Last week at the Farm Progress Show in Decatur, Ill., I had the opportunity to speak with Tom Buis, CEO of Growth Energy, a trade association made up of ethanol producers and support businesses as well as about 30,000 “growth force members” — anyone who wants to help support ethanol.

Buis was a “full-time” farmer in central Indiana until he went to Washington D.C. nearly 25 years ago. His two brothers handle the farming chores in Indiana these days.

Growth Energy was formed 3 years ago “basically to challenge a lot of the misinformation that was being perpetuated against ethanol out there. And as you know, we certainly have our challenges on doing that,” Buis says.

While you may believe a group like Growth Energy may oppose the move to eliminate the tax subsidies for ethanol and the tariffs on foreign ethanol, which will probably take place at the end of this year, he says he agrees with getting rid of them.

“As a matter of fact,” Buis says, “over a year and a half ago, we actually proposed reforming ethanol tax credits and eliminating them by July 1 of this year. Had Congress done that in the debt-ceiling deal, it would have saved taxpayers about $1.5 billion. It would have reformed ethanol tax policies to give us what we think is the biggest barrier to future growth, and that’s access to the marketplace.

“We want to promote the sale of flex-fuel vehicles and blender pumps at the retail level where the power’s in the hands of the consumer. Let them choose their blend based on price and performance and help reduce our nation’s dependence on foreign oil, create jobs here in America.”

On the “food vs. fuel” debate, Buis explains, “People say that ethanol is taking food from hungry people. Number one, we produce ethanol from number 2 yellow corn. Its primary use is for livestock feed. It’s not canned corn, it’s not sweet corn, it’s not popcorn. The irony is the only thing we take out of that kernel of corn is the starch. All the nutrients, all the fiber, all the oil, all the protein gets returned in a co-product called distiller’s grains, which is a higher value, less expensive animal feed. Most people aren’t making this connection,” he says.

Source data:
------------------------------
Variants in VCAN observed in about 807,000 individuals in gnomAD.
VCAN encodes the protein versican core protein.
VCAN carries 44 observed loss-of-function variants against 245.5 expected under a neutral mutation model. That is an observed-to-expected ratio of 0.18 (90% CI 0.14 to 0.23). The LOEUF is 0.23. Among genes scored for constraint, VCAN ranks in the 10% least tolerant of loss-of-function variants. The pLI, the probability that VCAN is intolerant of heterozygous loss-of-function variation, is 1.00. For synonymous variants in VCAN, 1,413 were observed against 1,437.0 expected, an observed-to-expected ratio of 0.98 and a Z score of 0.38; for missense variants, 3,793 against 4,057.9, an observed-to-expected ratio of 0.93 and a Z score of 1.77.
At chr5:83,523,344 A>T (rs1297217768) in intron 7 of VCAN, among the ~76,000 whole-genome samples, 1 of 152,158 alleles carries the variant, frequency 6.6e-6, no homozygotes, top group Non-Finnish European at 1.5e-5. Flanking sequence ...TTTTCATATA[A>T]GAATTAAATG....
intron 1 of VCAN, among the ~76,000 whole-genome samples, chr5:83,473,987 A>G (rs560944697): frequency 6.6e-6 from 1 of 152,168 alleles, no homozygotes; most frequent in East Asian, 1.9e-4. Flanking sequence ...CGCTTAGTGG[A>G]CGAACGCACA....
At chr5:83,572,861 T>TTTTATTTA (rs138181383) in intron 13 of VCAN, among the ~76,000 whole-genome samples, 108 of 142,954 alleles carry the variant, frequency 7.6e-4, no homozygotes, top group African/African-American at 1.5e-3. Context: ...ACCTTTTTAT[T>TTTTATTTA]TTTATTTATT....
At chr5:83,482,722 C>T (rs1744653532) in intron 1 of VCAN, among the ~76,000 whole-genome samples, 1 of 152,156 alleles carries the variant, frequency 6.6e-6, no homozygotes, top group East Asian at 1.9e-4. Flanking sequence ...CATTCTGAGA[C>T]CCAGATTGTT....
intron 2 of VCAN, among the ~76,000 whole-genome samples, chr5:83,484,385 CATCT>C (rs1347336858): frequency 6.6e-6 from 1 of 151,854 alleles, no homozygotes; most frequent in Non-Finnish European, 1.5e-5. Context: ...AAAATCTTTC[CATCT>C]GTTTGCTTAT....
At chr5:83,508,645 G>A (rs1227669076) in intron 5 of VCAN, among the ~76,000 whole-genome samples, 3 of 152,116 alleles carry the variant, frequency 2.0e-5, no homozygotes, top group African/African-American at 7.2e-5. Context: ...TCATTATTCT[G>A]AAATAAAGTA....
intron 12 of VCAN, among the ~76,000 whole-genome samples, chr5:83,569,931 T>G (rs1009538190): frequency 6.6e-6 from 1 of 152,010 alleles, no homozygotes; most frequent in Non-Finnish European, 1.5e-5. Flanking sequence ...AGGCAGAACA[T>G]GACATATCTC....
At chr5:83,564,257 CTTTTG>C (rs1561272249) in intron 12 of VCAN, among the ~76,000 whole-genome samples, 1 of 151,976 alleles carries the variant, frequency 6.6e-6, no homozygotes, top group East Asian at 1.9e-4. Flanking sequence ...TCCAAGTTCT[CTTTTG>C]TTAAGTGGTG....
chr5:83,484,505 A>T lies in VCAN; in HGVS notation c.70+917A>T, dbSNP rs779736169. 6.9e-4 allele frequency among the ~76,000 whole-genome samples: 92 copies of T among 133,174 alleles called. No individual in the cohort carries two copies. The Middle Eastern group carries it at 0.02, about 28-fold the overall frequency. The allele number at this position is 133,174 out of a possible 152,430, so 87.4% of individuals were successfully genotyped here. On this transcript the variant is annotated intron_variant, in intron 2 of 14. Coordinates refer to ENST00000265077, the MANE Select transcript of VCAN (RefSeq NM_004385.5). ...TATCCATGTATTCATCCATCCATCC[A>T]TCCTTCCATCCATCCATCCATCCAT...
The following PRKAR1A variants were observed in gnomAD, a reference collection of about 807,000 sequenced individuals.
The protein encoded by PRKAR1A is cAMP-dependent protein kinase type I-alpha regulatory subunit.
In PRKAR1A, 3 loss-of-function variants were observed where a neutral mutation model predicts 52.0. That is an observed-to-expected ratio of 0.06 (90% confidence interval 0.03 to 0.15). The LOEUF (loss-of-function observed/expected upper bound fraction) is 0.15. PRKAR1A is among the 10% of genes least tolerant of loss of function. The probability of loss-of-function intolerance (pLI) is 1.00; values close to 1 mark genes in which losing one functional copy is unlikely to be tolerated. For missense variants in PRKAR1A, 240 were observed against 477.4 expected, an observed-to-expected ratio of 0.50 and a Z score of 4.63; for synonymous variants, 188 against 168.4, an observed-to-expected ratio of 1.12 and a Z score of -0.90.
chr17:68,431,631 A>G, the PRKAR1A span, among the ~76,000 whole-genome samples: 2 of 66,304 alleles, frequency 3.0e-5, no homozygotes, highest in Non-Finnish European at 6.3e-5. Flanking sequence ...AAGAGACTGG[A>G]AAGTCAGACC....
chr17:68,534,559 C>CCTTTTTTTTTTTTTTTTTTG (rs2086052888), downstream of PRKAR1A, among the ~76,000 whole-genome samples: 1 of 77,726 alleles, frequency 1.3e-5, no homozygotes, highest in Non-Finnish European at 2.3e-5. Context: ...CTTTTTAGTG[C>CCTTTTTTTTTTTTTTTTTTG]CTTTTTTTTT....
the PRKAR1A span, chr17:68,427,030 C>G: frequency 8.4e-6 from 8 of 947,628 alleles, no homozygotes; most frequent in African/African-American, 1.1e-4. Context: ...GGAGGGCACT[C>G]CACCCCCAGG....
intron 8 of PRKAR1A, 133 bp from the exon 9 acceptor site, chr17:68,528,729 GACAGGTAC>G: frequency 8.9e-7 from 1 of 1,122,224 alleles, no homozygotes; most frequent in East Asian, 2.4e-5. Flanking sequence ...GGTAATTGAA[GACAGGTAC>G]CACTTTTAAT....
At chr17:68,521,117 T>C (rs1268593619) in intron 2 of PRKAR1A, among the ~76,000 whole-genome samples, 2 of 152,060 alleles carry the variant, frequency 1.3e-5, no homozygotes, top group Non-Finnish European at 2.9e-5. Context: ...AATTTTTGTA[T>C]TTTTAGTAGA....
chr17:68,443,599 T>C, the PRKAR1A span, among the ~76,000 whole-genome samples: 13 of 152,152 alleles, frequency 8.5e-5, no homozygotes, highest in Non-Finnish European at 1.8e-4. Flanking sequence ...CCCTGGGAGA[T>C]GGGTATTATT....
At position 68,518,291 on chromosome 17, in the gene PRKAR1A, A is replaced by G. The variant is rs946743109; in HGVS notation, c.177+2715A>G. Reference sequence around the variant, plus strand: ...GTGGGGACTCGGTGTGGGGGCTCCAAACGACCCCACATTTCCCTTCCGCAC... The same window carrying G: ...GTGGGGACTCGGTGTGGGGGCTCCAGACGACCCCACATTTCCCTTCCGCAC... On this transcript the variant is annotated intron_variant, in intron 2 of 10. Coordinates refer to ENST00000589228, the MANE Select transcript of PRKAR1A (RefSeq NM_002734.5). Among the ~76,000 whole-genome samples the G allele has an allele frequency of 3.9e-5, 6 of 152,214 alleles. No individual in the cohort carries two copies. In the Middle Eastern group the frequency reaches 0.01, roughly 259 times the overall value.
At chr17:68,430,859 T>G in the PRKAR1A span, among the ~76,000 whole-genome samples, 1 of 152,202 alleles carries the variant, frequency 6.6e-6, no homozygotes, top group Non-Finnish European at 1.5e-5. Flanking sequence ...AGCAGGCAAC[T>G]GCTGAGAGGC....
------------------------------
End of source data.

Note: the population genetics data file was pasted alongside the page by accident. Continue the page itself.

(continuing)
Buis says the biggest challenge for ethanol is dispelling all the misinformation out there. “This is one of the reasons that we’ve partnered with NASCAR; to demonstrate that ethanol is a high performance fuel and to dispel a lot of that misinformation about its performance.

“We're already showing that your car’s going to run better on ethanol than it does on gasoline, and NASCAR is proving that. They’re seeing an increase in horsepower on the performance side, and they’ve not seen a decrease in fuel mileage, which is another myth out there. They’re two-thirds of the way through the season and their cars haven’t had any problems.”

Buis adds, “If we can get E15 into the marketplace, this alone would reduce our dependence on foreign oil by 7 billion gallons. And we can do better than that. We have to continue to move forward on opening that marketplace so consumers can make a choice. That’s all we’re asking.”

What about the criticism from the small engine manufacturers about the effects of ethanol on their products?

“Number one,” says Buis, “all small engines are warranted for E10 use. They can produce those engines for whatever blend they want to in the future, but they need a clear signal about what those blend levels are going to be and they’ll adapt. The approval for E15 that EPA granted this year does not include E15 for small engines. They don’t have to burn it. It’s completely voluntary.”

He says that we need to start somewhere to reduce our dependence on foreign oil.

“If we really want to succeed and start making our fuel out of renewables, it’s going to take corn and cellulosic feedstocks. There will continue to be a role for corn especially as yields to continue to climb. We produce more corn from less acreage with fewer inputs all the time and the yield trend is almost vertical into the future,” he says.

One of the challenges for cellulosic ethanol is making it price competitive. Cellulosic brings a lot more to the table politically because it represents a 50-state solution to our energy.

“I can’t state strongly enough how the American farmer and American agriculture made this nation great and it will continue to make the nation great,” Buis added. “And not only can we produce food and fiber, we can produce fuel. Give farmers a price and they’ll produce. The future’s bright and we’re the answer to the nation’s problems. We’re not the problem.”

&&ad206&& &&ad165&&